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Business and Performance: Stability and Profitability

Various external factors affect the stability and profitability of the firm and technological trends such as automation influence business operations. For instance, this tendency modifies recruiting processes, as skilled labor becomes a requirement (Invancevich & Konopaske, 2012). Simultaneously, the changes in technology contribute to the development of training programs to advance the skills of the workforce and maintain them. As for the economic changes, the fluctuations of oil prices might impact the business activities of the company. The firms that operate globally will experience changes in prices due to their dependency on currency exchange (Lee, 2013). Thus, these alterations will require them to redesign their strategies and redistribute the budget.

As for the legal and political factors, labor laws, and increasing the threat of cybercrimes will assist firms in making changes to their security systems, at the same time, the social trends such as age distribution might be a potential reason for modifying marketing campaigns. The firm will be required to adapt to demographical alterations to be competitive (Lamb, Hair, & McDaniel, 2011). Subsequently, the rising concerns of the public about the environment will drive the potential changes in the sustainability strategy and require modifying the production processes to minimize waste.

Simultaneously, HRM, financial activities, legal implications, and strategy have a direct impact on performance. In this case, HRM plays the role of the intermediary and ensures the compliance of the employees’ performance with the organizational goals (Invancevich & Konopaske, 2012). In other words, it provides training, recruitment, and favorable working conditions to enhance motivation. In turn, the financial department helps organizations distribute their resources effectively to avoid bankruptcy to assure the development of sectors such as HRM and optimize performance.

As for the compliance with the legal changes, following this approach helps avoid legal suits and ensures that the working conditions comply with the labor laws. It increases the commitment of the employees and enhances the overall performance. Thus, a strategy is a framework, which defines the goals and objectives of the business. In this case, the alignment with the strategy helps the components mentioned above enhance the company’s performance from different angles, respectively.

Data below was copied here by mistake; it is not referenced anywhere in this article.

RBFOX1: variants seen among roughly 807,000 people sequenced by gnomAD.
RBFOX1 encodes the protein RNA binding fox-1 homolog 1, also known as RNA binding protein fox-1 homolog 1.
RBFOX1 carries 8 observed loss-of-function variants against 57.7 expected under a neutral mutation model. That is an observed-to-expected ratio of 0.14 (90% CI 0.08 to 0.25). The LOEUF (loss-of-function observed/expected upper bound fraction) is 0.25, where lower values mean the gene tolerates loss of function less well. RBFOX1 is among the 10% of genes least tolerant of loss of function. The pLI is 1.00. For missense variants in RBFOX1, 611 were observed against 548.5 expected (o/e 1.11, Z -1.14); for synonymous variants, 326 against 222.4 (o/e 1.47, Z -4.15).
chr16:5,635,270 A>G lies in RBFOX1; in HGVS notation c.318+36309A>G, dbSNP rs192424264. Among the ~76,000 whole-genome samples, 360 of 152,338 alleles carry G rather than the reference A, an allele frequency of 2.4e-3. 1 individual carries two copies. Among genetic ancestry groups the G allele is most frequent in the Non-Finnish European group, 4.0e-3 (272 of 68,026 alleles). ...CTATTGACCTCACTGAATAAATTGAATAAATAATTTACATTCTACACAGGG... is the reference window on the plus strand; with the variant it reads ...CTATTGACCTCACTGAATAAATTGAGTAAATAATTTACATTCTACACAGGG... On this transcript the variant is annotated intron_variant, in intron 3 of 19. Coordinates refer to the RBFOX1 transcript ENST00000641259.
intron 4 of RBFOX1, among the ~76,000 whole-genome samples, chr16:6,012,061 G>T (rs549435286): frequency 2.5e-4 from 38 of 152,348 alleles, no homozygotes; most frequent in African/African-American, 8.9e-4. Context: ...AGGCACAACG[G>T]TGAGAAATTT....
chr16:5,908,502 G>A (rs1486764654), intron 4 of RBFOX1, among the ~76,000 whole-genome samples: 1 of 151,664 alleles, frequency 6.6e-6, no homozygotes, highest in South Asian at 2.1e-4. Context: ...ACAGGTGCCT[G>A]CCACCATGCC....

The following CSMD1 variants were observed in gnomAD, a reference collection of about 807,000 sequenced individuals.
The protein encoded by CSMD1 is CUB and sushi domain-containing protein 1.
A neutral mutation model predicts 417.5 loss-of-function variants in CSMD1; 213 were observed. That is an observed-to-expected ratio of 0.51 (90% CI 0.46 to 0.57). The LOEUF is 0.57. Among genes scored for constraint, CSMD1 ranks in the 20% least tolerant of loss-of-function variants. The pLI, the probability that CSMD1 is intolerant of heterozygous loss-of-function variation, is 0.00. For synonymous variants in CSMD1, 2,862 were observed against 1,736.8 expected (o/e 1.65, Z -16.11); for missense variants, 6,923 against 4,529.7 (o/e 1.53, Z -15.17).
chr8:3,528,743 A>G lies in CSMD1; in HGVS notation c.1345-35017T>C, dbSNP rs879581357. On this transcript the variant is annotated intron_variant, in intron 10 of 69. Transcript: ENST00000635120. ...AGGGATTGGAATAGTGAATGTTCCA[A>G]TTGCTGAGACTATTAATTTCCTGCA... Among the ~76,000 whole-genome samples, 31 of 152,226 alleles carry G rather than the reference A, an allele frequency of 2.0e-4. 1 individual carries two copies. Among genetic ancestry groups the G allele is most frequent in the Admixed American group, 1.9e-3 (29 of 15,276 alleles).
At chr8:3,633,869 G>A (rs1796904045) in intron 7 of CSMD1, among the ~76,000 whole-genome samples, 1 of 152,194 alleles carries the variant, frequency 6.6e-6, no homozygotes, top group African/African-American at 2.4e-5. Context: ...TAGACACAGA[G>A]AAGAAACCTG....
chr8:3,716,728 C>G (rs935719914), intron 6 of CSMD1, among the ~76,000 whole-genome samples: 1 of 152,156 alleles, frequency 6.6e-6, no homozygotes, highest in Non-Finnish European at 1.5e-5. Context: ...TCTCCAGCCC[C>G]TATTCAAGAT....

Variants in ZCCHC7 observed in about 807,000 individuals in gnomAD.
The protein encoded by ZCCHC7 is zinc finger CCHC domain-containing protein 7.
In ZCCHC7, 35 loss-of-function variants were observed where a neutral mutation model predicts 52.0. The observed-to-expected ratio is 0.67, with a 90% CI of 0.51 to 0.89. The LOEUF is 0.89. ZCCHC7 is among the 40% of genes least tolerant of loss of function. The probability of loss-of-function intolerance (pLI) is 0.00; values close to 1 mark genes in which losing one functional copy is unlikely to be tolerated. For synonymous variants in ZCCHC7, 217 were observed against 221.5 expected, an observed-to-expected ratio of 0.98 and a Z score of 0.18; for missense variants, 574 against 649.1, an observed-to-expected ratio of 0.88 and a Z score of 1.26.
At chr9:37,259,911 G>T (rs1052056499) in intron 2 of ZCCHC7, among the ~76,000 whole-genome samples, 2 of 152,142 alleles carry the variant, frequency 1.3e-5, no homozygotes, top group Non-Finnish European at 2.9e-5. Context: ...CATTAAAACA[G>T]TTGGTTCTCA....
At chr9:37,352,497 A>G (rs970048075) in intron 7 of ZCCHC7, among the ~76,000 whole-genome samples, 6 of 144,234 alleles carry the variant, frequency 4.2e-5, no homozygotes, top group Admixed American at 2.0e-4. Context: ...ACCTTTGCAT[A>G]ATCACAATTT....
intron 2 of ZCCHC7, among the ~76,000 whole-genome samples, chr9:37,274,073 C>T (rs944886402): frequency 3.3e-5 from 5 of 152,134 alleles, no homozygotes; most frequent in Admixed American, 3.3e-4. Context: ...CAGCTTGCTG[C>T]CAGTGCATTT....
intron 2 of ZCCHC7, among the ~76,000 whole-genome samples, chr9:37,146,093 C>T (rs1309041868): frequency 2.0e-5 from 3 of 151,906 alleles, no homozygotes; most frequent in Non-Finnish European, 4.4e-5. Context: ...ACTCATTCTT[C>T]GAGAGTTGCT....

The strategy has to consider all elements equally, as, otherwise, it will lead to the excess in financing in some departments while others will function poorly due to lack of resources. The role of this interdependence is important. It affects the organizational structure and objectives of the business to pursue excellence and financial stability.

In turn, the company’s culture is a critical attribute of organizational performance and can be defined as a set of principles, which determine the values and objectives cherished within a firm (Tullman, 2014). In the first place, it has a direct impact on the performance of the employees. The workforce tends to value the mission of the firm, and a well-established culture defines their commitment and performance.

As a consequence, it has direct impact profitability, as employees’ actions outline the sales and the overall revenue of the organization. Lastly, the elements of corporate culture affect a level of innovation and decision-making practices.

For instance, giving the opportunity for the employees to contribute to the decision making might open new possibilities for development (Muindi, 2011). It could be said that corporate culture might be a potential driver for the shift in the revenues while enhancing the product’s life cycle, developing customers’ base, and occupying new market niches. Consequently, its pivotal role cannot be underestimated. A well-developed and concise company’s culture with the well-defined objectives, financial distribution, HRM, and legal compliance is a driver for the company’s success.

References

Invancevich, J., & Konopaske, R. (2012). Human resource management. New York, NY: McGraw Hill.

Lamb, C., Hair, J., & McDaniel, C. (2011). Essentials of marketing. Mason, OH: South-Western Cengage Learning.

Lee, E. (2013). Management of international trade. New York: Springer.

Muindi, F. (2011). The relationship between participation in decision-making and job satisfaction among academic staff in the school of business, University of Nairobi. Journal of Human Resource Management Research, 11, 1-34.

Tullman, H. (2014). Tullman on company’s culture: How to build and grow a successful business. Chicago, IL: Blog into Book.